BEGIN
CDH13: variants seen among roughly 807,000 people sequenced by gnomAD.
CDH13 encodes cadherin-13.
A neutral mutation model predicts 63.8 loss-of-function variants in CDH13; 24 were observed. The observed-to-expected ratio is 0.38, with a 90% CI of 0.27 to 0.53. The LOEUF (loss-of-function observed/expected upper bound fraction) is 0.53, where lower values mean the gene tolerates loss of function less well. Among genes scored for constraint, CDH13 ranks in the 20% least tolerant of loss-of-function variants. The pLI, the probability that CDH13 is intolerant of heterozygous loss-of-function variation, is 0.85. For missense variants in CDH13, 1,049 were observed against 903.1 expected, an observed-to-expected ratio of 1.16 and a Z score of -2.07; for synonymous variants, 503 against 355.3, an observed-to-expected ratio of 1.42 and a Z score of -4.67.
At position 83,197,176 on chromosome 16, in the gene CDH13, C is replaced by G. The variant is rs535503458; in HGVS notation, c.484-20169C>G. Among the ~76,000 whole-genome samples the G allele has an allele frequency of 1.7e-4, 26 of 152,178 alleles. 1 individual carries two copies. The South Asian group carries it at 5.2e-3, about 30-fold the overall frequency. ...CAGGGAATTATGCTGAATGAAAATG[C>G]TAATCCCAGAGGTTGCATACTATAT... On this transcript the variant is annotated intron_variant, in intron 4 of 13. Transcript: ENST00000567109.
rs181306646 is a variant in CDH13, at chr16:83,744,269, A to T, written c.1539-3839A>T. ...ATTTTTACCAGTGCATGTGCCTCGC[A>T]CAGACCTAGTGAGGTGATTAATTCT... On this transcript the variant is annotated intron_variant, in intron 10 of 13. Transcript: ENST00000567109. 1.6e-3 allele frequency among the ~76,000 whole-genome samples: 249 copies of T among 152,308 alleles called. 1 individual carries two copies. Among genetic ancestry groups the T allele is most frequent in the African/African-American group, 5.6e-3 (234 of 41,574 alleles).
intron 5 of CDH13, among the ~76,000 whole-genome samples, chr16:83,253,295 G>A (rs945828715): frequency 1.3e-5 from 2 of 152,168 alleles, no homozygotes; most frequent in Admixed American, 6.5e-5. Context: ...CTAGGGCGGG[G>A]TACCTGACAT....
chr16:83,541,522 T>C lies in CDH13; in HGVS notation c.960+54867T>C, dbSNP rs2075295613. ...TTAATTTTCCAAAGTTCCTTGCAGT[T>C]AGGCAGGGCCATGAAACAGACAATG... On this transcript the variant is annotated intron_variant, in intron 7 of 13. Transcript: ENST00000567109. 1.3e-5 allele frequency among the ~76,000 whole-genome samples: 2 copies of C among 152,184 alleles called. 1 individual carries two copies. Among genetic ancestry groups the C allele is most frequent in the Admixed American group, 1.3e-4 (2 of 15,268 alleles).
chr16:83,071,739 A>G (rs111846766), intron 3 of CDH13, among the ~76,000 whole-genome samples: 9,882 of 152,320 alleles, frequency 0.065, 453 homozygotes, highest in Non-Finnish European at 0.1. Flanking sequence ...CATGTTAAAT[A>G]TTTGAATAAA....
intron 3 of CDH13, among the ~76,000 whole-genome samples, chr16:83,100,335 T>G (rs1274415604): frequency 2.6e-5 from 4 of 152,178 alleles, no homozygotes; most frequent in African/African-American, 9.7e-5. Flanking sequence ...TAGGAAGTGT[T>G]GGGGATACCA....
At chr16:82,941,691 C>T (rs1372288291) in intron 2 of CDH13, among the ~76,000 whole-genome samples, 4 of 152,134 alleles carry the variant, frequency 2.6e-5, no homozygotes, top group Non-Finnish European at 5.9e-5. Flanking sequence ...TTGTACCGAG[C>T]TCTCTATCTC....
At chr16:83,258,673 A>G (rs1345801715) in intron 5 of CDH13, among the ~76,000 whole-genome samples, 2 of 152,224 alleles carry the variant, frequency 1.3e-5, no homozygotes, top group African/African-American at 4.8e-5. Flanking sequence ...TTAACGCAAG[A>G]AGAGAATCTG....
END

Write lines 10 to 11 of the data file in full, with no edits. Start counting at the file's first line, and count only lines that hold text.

At chr16:82,941,691 C>T (rs1372288291) in intron 2 of CDH13, among the ~76,000 whole-genome samples, 4 of 152,134 alleles carry the variant, frequency 2.6e-5, no homozygotes, top group Non-Finnish European at 5.9e-5. Flanking sequence ...TTGTACCGAG[C>T]TCTCTATCTC....
At chr16:83,258,673 A>G (rs1345801715) in intron 5 of CDH13, among the ~76,000 whole-genome samples, 2 of 152,224 alleles carry the variant, frequency 1.3e-5, no homozygotes, top group African/African-American at 4.8e-5. Flanking sequence ...TTAACGCAAG[A>G]AGAGAATCTG....